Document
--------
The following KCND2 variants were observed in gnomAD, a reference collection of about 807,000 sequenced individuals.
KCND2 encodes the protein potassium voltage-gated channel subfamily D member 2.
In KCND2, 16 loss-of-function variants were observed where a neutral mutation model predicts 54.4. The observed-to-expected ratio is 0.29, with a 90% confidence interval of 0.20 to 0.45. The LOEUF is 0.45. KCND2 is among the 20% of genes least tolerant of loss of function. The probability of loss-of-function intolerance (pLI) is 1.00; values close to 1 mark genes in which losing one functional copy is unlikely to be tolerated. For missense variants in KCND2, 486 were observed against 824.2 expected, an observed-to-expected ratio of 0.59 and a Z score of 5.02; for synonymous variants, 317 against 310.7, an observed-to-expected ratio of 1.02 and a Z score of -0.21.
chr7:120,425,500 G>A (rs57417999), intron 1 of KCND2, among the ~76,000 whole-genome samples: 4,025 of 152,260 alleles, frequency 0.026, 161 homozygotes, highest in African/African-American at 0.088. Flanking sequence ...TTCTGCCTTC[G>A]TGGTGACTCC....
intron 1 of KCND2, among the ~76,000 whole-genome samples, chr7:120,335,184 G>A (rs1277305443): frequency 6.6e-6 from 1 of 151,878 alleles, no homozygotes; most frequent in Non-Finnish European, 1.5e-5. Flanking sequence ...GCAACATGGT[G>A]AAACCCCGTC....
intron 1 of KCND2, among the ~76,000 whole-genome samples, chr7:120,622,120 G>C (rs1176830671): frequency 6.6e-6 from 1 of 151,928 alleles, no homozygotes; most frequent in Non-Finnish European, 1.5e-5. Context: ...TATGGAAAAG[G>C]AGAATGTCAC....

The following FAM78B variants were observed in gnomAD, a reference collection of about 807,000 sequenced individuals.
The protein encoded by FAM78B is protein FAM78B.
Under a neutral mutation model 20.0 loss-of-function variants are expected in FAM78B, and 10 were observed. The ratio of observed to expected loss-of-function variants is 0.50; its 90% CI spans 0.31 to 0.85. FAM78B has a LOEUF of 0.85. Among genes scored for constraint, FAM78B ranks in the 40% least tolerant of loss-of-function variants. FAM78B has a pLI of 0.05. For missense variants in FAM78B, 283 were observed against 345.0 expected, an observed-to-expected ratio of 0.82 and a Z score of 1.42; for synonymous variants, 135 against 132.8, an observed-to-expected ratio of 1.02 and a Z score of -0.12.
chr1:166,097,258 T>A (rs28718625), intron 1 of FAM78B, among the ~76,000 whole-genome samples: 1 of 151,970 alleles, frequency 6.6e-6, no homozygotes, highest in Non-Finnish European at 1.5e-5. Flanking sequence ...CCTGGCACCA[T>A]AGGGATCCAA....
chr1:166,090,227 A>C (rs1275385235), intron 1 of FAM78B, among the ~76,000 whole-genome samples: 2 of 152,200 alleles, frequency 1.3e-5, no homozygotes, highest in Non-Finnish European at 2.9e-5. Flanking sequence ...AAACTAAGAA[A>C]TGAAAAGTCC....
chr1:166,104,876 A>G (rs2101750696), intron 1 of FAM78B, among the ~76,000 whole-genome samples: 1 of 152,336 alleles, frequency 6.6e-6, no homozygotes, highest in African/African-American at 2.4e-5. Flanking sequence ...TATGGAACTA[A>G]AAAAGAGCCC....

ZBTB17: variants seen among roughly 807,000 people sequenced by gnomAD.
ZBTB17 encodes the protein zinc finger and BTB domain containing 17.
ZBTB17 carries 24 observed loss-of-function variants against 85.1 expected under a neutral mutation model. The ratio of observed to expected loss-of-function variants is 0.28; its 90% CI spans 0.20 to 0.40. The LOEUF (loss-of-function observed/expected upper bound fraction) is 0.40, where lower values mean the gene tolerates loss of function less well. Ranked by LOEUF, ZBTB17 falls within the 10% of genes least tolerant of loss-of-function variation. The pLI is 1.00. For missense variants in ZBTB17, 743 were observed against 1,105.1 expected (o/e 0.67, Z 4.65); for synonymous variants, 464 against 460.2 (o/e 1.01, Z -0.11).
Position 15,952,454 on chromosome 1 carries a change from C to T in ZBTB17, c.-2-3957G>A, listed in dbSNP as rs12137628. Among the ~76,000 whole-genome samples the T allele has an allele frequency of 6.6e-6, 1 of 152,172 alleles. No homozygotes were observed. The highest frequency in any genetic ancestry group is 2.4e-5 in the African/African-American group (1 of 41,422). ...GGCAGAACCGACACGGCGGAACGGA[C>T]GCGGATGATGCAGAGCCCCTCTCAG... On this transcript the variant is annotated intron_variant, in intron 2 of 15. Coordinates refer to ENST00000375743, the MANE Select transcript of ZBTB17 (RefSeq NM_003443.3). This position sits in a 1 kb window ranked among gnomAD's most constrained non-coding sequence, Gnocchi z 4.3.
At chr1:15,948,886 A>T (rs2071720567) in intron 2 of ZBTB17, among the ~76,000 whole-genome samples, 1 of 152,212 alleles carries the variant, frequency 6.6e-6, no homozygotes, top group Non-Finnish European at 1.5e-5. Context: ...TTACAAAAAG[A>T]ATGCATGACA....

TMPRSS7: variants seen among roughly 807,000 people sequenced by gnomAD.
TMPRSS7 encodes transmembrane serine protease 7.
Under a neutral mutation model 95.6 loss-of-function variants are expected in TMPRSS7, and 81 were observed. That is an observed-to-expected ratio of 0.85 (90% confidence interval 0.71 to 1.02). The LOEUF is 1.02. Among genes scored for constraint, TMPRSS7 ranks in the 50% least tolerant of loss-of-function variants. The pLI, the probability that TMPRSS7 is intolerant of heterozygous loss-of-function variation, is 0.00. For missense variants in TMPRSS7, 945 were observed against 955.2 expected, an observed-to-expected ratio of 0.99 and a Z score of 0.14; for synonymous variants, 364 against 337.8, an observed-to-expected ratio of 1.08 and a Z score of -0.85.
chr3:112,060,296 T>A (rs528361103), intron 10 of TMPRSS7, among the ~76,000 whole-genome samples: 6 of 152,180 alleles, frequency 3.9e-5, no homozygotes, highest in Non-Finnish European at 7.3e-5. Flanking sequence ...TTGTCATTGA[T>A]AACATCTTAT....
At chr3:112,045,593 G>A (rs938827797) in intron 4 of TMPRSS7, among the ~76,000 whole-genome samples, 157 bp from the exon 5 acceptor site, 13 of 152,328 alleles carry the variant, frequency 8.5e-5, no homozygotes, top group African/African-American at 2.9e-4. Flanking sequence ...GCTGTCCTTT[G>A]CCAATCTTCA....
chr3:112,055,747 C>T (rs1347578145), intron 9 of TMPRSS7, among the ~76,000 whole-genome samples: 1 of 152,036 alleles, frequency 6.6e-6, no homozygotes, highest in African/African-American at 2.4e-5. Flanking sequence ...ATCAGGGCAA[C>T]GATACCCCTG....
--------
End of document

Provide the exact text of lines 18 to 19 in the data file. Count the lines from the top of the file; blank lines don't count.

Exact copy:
TMPRSS7: variants seen among roughly 807,000 people sequenced by gnomAD.
TMPRSS7 encodes transmembrane serine protease 7.